her sculptural enamel paintings, which all but explode off the brick
walls at Palms Bistro Bar in Milwaukeeís Third Ward, Phyllis Toburen
is always evolving. Her drive to break through to whatís next in her
creative life invigorates her work with a spirit of transformation.
want to do anything that isnít honest, spontaneous; it mirrors who I
am," Toburen says. "I donít want to do anything thatís
been done before."
Her pursuit of
the original has driven Toburenís career, both as a fashion designer
and now as an internationally acclaimed artist.
She never took
an art class in high school, and studied history at UW-Milwaukee in
the late 1960s. Although she loves history, she says the urge to
express herself creatively led her to go on to study fiber arts.
to follow your gift. You donít have a choice if you want to be
happy," she says.
Toburen was just
two credits short of a degree at Mount Mary College when she packed up
her original knitwear in a bag, headed to Chicago and sold her first
work. She started out doing trunk shows in Milwaukee and built up her
business until she had a following and, at one point, 35 employees.
Her last show
was at the home of country music stars Waylon Jennings and Jessi
Colter in Nashville, at Colterís invitation. Colter had been a fan
of Toburenís work since the mid-1980s, when she saw a photo of a
dress worn by WISN-TV personality Liz Ayers at the re-opening of the
Riverside Theater. The red dress, created by Toburen, was embellished
with 10,000 pearls.
She modified the
dress for Colter, who wore it at the first Farm Aid concert. Later,
Toburen sold an original design to country legend June Carter Cash as
occasionally painted on the fabrics she used in her fashion designs,
Toburen says, she didnít take her first painting class until 1995,
when she enrolled in a course at Milwaukeeís War Memorial.
paintings were of faces, which I thought was the hardest thing in the
world to do," she says.
One of those
faces was her own, but she didnít realize it until her instructor
pointed out the resemblance. That self-portrait was reproduced on the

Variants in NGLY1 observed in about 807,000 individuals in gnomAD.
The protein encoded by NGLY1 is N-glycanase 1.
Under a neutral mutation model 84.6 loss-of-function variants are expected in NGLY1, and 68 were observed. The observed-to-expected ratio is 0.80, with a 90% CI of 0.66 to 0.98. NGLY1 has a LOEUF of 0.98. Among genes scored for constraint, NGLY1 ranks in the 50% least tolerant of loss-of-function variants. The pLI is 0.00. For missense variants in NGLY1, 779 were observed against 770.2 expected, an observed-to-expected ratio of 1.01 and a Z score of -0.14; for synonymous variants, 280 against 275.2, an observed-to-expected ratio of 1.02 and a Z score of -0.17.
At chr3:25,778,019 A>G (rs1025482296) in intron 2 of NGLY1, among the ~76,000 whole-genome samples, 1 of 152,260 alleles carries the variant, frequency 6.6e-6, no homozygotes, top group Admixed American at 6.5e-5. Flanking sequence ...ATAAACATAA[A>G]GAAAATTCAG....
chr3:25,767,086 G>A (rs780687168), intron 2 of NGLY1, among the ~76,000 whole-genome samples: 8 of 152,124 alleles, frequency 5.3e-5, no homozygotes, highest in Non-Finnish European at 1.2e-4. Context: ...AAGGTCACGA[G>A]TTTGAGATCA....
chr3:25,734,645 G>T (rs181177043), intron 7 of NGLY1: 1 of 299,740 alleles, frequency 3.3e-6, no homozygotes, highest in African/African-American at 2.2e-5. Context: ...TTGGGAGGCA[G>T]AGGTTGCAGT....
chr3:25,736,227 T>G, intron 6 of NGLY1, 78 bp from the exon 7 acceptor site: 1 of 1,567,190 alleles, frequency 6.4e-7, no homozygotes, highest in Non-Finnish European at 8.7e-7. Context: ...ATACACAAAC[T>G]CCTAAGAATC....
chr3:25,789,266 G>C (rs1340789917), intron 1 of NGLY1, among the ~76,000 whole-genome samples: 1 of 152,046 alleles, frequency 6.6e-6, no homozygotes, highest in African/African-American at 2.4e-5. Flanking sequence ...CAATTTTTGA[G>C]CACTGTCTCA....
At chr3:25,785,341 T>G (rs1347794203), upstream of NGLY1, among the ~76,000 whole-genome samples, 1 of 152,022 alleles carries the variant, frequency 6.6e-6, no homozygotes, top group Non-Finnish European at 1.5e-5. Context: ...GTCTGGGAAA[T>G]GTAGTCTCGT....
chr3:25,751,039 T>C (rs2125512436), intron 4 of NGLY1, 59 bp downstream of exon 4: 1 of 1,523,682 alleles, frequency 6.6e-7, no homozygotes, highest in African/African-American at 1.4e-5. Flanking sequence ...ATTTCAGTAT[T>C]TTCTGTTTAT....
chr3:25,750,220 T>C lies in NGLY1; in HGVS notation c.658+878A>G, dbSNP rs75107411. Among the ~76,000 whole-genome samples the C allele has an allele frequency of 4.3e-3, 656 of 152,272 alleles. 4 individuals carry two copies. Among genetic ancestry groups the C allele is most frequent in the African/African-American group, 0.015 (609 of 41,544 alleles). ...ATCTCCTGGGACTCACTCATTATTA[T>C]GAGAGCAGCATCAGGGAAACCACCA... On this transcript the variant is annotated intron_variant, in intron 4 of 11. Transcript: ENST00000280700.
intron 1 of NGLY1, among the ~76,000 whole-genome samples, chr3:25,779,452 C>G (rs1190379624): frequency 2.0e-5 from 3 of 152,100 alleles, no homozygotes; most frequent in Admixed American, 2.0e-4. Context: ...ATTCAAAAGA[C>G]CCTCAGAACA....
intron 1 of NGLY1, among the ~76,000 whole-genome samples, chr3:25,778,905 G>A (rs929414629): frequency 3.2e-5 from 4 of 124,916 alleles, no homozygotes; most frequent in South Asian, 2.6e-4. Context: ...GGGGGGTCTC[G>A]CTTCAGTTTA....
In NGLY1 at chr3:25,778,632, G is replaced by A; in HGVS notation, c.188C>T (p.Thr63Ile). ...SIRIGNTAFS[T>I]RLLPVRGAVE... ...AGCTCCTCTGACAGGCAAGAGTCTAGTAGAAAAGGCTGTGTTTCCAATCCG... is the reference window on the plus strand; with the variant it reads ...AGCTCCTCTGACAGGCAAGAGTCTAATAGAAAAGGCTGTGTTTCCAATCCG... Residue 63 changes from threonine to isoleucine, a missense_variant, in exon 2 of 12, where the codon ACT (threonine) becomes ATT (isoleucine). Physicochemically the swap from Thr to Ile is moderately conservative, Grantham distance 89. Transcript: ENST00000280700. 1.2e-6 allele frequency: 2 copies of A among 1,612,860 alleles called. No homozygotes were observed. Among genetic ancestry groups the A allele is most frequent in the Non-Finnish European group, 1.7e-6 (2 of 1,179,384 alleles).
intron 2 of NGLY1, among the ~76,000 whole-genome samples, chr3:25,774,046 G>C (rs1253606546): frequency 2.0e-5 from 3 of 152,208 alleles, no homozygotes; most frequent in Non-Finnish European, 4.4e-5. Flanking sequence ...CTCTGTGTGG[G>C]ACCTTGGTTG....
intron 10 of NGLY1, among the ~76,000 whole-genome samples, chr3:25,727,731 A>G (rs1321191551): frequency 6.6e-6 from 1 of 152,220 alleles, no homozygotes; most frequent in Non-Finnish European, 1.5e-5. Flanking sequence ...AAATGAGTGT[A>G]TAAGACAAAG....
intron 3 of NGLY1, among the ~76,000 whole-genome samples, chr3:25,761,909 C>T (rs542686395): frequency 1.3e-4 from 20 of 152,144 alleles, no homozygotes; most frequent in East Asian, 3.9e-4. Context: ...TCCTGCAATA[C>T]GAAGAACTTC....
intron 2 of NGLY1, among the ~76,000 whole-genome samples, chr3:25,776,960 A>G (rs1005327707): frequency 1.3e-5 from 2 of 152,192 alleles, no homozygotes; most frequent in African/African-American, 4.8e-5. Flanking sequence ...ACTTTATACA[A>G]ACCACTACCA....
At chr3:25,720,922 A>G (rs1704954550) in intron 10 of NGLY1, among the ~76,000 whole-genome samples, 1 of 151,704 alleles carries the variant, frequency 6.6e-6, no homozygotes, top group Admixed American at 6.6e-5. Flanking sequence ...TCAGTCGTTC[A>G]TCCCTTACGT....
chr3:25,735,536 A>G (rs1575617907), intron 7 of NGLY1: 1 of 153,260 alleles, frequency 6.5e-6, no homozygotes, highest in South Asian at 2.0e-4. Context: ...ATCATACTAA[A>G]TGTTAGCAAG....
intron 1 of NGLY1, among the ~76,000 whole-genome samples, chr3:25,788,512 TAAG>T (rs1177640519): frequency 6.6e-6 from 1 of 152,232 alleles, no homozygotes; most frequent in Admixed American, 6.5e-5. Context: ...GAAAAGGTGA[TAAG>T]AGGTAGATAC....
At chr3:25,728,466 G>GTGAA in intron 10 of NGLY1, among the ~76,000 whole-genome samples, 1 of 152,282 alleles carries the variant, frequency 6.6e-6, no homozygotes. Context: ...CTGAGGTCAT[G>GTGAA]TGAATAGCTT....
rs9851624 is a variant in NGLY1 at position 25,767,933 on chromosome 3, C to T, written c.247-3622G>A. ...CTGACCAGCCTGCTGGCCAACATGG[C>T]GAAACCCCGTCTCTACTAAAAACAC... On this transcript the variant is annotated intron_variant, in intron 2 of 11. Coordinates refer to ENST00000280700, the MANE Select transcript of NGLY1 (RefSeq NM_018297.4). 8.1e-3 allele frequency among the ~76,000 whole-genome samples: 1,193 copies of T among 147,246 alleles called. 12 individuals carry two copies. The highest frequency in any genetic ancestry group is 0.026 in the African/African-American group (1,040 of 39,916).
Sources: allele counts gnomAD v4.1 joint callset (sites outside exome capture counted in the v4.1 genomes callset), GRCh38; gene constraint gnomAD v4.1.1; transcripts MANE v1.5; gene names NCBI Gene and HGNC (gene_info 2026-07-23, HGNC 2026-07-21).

back cover of "New Art International," distributed worldwide
by Barnes & Noble, along with 10 pages of her work featured in the
interior of the publication.
considers her second painting instructor, Kyle Zubatsky of the Tall
Tree Gallery in Thiensville, to be her mentor. When Toburen began
throwing paint at a canvas in Zubatskyís class, Zubatsky introduced
her to the other students as an "abstract expressionist."
transitioned from a fiber artist, my first paintings had fiber under
them," Toburen says. "Then they started cracking. They were
very organic, and from that they started rising on their own to become
rising," as Toburen calls it, is what makes her pieces unique. At
her home studio in Mequon, she begins by choosing the classic rock
music that she considers intimately connected to her process. The next
step is mixing her own pigments, which can take up to 12 hours. There
is no preconceived idea of the final piece, she says. "The music
is my muse. I just work with the music and let it flow." Her
process requires the application of layer upon layer of acrylics.
pieces take four to six months to cure, and sometimes they take three
to four years before I get them to what I feel to be right, because Iím
a perfectionist," she says.
When she is
satisfied that the painting has balance and can be appreciated from
every angle, she applies a clear UV coating. That final step makes the
painting begin to crack and take on a life of its own. Sometimes, the
center of the work rises up like a flower unfolding its petals, or the
cracking produces organic forms that resemble creatures from the sea,
or ancient tooled leather. The coating protects the paintings from
damage, and can make them look like ceramic tile or glass. She says
the paintings will continue to crack and change slowly as they age,
constantly revealing the layers underneath.
the process, and debuted the work at a 2004 Gallery Night in a Third
Ward space she had found just three weeks prior to the event.
At one point in
the evening, Toburen experienced a bit of dťjŗ vu. She says she
realized she was just steps away from what now is the Milwaukee Public
Market. At one time, the market had been the site of her grandfatherís
business. Both of her grandfathers, she says, had thriving
distribution companies that began decades ago in the Third Ward.
Since that 2004
debut, Toburenís work has been sought out by serious collectors and
honored at juried shows and in art publications globally. She recently
was accepted into the prestigious National Association of Women
Artists, which counts Mary Cassatt, Gertrude Vanderbilt Whitney and
Judy Chicago among its inductees.
latest project is producing close-up photographs of her paintings,
which reveal even more dimension to the work.
always trying to do something different and thatís very, very
important to me," Toburen says. "I want my art to be
something different for everybody, because you want (viewers) to
access their own personal experiences, and I want there to be a lot of
space for somebody to interpret it."